CAR-T looks like a new sports car model, but instead, is a new anti-tumor therapy. Born in the United States, it’s also being used at the Bambino Gesù Children’s Hospital in Rome. And it’s even been improved!

For some years now we’ve officially entered the era of oncological immunotherapy. What is it?

It’s a therapy that uses the same immune cells as the cancer patient to fight and defeat the tumor. The technique consists of extracting the cells of the patient’s immune system (the T lymphocytes) and reprogramming them genetically by inserting an antigen called Car (Chimeric Antigen Receptor) that enables them to recognize and attack the cancer cells again. In other words, no medication is needed because it’s the patient’s immune system itself that fights the disease.

Which tumors can be treated with Car-T?

To date, the tumors concerned are:

  • Acute Lymphoblastic Leukemia (ALL) B-Cell leukemia in children and young adults up to 25 years of age;
  • Diffuse Large B-cell Cell Lymphoma (DLBCL) in adults.

The most important thing to know is that this therapy, at the moment, can be used on those patients who have had experienced no improvement with chemotherapy treatments, and also after stem cell transplantation. In other words, those who have lost all other hope.

Fortunately, the number of people at this stage is not large, but it’s still a significant number and most importantly, they’re mostly children.

Before receiving treatment, patients must undergo a short course of chemotherapy, in order to eliminate T lymphocytes that are not able to fight the tumor and give “more space” to the new T lymphocytes; always coming from the patient but that are genetically modified and able to selectively recognize tumor cells. It’s as if you were receiving a transplant, using yourself as the donor. The new T lymphocytes are then simply infused via IV into the patient, and the treatment is effective — even if performed only once.

But what role does the “Bambino Gesù” Children’s Hospital play?

As we’ve stated earlier, a considerable number of patients are children, who often spend years at the hospital, undergoing continuous chemotherapy treatments and live in semi-insulated conditions to prevent infections, due to the suppression of their immune systems. The Bambino Gesù Children’s Hospital in Rome provides excellence in the care of children and has also been selected by the Ministry of Health as one of the first Italian hospitals to have adopted the therapy. However, Dr. Franco Locatelli, Director of the Department of Pediatric Onco-Ematology, Cellular and Gene Therapy at the hospital, did not just adopt the protocol, but he has committed both himself and his team to improve it, since some side effects such as cytokinic release syndrome (high fever, low blood pressure, respiratory difficulties and kidney failure — and above all, a 5% mortality rate) and neurotoxicity had been detected. To reduce these side effects, the Italian researchers added a so-called “suicidal” gene, which is activated in the case of non-response to drug therapies against cytokinic release syndrome or neurotoxicity, thus causing the elimination of the Car-T cells.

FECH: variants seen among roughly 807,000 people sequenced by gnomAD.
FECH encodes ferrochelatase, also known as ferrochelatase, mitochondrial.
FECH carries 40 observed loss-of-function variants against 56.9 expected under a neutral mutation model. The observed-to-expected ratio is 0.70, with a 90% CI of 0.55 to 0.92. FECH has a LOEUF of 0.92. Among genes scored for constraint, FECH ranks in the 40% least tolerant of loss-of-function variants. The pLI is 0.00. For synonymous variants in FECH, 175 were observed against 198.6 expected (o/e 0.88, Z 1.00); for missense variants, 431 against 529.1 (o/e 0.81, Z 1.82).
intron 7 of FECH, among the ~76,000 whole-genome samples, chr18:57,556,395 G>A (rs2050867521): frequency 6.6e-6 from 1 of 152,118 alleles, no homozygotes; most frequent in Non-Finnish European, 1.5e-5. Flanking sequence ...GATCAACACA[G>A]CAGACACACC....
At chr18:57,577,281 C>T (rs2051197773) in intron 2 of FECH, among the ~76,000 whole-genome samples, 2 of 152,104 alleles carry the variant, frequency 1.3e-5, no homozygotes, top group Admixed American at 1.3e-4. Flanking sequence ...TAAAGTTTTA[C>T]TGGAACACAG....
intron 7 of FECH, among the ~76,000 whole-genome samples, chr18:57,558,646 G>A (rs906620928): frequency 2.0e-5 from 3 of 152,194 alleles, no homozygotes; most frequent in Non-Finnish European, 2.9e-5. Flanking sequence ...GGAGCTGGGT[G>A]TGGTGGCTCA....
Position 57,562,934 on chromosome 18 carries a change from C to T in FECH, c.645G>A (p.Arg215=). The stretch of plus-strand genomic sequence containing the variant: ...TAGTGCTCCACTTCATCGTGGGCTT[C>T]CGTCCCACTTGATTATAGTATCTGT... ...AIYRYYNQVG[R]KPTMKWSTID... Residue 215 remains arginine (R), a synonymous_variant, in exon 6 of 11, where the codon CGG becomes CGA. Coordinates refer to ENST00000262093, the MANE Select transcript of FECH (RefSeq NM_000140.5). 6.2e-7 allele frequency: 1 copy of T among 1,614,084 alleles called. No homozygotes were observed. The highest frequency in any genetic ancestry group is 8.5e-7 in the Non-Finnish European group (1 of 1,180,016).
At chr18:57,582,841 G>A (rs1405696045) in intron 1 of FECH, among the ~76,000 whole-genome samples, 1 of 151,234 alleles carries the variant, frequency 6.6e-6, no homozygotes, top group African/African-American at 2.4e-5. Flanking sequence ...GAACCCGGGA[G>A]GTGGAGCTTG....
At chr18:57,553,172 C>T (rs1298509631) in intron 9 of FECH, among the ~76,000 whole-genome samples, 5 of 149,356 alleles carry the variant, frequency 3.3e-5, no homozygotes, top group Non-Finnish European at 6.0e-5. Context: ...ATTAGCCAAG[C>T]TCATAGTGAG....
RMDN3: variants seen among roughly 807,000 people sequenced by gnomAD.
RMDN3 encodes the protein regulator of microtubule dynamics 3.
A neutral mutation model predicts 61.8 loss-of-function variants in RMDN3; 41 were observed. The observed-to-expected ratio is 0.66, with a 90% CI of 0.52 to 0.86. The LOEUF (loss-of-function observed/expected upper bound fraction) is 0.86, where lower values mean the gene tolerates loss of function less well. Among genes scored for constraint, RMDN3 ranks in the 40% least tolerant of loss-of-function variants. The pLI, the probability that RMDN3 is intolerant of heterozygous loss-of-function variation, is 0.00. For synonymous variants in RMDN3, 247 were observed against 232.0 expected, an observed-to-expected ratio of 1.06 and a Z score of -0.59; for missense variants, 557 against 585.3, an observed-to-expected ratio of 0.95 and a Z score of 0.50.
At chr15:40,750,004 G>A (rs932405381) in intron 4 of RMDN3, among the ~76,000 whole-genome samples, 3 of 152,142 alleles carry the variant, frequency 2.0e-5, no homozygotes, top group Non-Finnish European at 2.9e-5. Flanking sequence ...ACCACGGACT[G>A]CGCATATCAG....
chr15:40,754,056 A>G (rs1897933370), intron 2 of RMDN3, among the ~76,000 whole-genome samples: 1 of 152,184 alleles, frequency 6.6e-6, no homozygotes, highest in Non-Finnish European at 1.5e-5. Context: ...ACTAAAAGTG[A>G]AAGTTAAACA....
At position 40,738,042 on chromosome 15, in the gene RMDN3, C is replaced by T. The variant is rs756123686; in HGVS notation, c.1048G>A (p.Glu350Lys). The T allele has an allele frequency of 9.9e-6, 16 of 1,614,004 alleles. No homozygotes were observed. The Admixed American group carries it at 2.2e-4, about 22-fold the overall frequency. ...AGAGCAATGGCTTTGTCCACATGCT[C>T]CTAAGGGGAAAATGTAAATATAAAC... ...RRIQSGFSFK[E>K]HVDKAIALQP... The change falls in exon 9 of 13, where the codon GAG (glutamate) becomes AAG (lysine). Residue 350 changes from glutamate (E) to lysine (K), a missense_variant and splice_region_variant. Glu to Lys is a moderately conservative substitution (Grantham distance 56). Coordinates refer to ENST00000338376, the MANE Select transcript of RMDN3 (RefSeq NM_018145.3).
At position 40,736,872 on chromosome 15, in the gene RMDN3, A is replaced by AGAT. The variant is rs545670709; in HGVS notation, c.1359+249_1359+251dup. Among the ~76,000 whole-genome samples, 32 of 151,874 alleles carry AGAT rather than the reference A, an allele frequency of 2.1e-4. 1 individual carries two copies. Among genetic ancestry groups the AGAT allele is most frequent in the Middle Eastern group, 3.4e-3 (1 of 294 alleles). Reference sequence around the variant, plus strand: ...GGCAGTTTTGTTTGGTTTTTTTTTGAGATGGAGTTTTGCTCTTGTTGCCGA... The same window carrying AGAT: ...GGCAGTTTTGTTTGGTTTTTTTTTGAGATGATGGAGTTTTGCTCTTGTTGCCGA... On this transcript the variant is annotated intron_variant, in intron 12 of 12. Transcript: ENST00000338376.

The Car-T cell treatment of acute B-Cell Lymphoblastic Leukemias and large B-Cell Lymphomas at the Bambino Gesù Hospital indicated important efficacy in the 15 patients treated, with remission rates above 80%.

This is a wonderful example of a Centre of Excellence that applies Precision and Personalized Medicine, because the treatment can only be performed on the same patient to whom T lymphocytes have been genetically modified.

What may happen in the future?

Studies are in progress for the use of the same technique on other tumors, such as Neuroblastoma (unfortunately, a widespread childhood brain tumor), chronic Lymphatic Leukemia, Mantle Cell Lymphoma and Multiple Myeloma (also known as Kahler’s disease), the latter amounts to about four thousand new cases each year and is a typical tumor of the elderly. Other studies will begin soon as immunotherapy is proving to be very promising and could potentially become a treatment for several forms of cancer.

I recommend that you watch the video relating to Medicine and Information on the cases treated at the Bambino Gesù Children’s Hospital, and listen to the passion that Dr. Locatelli uses when explaining the technique and the successes achieved. These are the people who should be rewarded every day, because every day they fight for our health!

This post is also available in: Italiano

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I've always been passionate about science and have a Degree in Biological Sciences and a PhD in Molecular and Cellular Biology. After six years of basic and applied research, I joined the company that provided the DNA sequencers that led Celera Genomics to complete the sequencing of the first human genome shortly before the same result was achieved by the "Human Genome Project" international public consortium. Subsequently, I became interested in human and animal diagnostics, and the development of molecular techniques from research-to-clinic. Science4Life represents the next stage of my personal journey, a stage in which I will make my experience and knowledge accessible to everyone.

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